Humans and artificial intelligence are increasingly working side-by-side. How is this shaping the world of work? How can this ‘collaboration‘ be optimized?
Ms Jankovich: It‘s important to be realistic about what robots can and cannot do. While some early studies talked about more than 40% of roles being automated, more recent research puts the number much lower. So it‘s important for each organization to carry out their own analysis to decide what tasks can be performed better by robots and which ones should be left to humans. The most important benefit is not the automation itself, but freeing up people for higher value tasks. Through machine learning, people also have better information for decision making. For example, if the analysis tells us someone is likely to be looking for another job, this is the trigger to prepare to market the vacancy. The key to this hybrid human/machine way of working is ensuring that you trust the data and are confident in acting on it.

How do you select startups for the Innovation Fund and how do you support them?
Ms Jankovich: The Fund invests in startup and expansion enterprises covering areas ranging from predicting workforce needs to new forms of psychometric profiling. One of the ways we target companies is by carrying out deep dives in areas such as analytics or social aggregation. This allows us to fully gauge the market potential and get close to the innovations and innovators who can take this forward. We seek to identify companies quite early in their development journey. The key selection criteria includes the strategic fit – how can we at Randstad harness this technology to make our processes more effective, and serve our clients better. We also look at the financial fit – how commercially viable is the idea. Also important is the cultural fit – how well can we work together. We don‘t want to be just passive investors.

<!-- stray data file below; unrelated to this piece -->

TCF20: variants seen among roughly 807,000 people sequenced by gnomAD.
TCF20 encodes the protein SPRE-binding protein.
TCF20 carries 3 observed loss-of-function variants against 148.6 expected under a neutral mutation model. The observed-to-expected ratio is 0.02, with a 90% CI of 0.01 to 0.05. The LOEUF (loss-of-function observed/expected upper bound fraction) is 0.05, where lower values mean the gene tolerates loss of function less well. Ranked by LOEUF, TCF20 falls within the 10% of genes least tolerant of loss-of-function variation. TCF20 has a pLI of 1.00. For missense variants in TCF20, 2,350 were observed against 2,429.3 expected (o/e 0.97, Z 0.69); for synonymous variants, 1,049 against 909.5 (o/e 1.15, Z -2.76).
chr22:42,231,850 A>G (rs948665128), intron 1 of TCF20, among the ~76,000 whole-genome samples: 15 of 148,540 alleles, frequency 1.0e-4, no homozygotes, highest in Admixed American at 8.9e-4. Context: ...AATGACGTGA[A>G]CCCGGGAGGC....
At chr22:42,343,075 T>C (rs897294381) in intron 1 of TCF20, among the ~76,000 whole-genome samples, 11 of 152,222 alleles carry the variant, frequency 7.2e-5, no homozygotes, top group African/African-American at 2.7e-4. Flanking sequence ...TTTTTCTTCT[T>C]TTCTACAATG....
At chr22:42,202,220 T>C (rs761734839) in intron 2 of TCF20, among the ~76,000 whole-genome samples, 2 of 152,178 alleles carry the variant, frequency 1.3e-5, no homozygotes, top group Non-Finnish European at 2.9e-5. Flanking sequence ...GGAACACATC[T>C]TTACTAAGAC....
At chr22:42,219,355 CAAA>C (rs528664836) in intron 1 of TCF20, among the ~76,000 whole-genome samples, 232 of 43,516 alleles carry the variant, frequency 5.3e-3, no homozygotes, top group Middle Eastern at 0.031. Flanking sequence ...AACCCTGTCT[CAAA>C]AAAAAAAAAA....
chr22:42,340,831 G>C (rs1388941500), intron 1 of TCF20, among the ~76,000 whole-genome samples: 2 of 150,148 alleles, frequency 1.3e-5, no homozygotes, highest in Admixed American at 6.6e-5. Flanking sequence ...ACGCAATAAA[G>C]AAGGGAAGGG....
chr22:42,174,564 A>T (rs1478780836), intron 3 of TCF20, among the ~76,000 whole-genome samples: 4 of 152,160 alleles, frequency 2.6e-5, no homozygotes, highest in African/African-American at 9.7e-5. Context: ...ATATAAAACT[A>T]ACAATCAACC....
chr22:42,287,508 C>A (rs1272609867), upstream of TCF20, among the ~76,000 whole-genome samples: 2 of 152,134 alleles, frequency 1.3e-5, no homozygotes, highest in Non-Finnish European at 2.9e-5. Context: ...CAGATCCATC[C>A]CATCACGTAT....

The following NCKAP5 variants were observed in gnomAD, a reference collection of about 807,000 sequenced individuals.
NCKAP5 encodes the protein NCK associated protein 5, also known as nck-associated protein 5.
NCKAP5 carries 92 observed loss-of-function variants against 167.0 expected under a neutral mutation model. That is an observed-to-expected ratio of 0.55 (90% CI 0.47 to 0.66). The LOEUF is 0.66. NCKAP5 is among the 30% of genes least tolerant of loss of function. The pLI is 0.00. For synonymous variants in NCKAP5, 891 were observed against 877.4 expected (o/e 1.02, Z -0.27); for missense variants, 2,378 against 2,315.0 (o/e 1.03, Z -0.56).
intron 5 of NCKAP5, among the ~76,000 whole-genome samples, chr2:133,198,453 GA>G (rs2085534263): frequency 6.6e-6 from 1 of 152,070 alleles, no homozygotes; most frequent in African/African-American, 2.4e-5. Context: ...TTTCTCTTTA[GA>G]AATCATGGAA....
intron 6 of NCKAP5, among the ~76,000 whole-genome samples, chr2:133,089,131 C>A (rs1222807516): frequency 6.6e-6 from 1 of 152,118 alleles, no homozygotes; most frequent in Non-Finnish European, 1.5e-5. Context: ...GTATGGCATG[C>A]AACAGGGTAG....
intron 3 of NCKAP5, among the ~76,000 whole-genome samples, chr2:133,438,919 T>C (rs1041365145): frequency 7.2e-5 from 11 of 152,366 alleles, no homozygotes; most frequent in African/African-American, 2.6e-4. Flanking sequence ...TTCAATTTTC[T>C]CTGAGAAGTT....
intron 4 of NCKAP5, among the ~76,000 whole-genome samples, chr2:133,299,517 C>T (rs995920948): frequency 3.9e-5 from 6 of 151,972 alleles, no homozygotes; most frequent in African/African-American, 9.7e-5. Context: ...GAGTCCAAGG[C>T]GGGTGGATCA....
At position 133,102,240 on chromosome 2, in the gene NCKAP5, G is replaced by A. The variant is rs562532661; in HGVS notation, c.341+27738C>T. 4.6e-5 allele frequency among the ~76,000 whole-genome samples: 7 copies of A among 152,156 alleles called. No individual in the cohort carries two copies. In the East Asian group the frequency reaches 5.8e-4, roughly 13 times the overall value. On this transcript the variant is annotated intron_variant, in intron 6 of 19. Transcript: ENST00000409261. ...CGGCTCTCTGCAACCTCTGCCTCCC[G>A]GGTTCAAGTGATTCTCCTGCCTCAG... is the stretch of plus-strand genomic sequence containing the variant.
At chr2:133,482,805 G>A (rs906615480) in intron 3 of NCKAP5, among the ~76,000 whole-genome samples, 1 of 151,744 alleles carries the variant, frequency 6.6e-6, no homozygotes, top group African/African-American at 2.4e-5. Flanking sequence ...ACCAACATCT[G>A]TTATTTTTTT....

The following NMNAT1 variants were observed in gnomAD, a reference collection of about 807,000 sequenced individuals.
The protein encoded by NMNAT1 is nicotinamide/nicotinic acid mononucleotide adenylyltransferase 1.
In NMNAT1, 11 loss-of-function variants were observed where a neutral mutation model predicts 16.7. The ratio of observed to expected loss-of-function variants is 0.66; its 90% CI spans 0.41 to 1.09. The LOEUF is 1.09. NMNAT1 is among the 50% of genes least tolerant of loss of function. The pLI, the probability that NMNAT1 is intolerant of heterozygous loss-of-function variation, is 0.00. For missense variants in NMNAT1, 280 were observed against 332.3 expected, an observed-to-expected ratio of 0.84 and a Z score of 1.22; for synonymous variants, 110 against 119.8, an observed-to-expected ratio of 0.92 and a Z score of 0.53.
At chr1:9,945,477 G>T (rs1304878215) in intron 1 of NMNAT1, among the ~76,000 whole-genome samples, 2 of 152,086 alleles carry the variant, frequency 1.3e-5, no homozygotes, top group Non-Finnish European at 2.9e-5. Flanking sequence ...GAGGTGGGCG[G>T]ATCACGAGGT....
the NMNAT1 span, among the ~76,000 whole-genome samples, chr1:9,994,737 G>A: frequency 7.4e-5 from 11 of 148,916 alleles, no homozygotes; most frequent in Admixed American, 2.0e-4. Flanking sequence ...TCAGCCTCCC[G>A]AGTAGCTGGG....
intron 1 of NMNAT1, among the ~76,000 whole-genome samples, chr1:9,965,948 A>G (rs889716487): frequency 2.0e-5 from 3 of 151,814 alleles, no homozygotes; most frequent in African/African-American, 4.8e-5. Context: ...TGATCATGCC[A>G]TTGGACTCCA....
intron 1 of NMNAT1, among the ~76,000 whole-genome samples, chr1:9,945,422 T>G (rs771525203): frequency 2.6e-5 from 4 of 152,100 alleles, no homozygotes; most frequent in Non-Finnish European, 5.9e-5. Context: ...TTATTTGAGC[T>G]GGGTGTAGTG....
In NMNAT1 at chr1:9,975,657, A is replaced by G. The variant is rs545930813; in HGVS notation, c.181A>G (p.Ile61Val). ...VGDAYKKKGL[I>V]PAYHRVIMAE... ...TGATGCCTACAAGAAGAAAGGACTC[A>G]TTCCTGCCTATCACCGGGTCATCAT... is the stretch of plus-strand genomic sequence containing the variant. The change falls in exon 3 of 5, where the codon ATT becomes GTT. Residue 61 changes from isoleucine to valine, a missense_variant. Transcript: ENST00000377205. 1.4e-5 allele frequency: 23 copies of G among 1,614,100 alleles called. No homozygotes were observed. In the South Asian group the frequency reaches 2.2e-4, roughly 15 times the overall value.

We want to provide active support for the companies in our fund and eventually be their clients. This includes helping startups to trial minimum viable products and develop them for wider market rollout.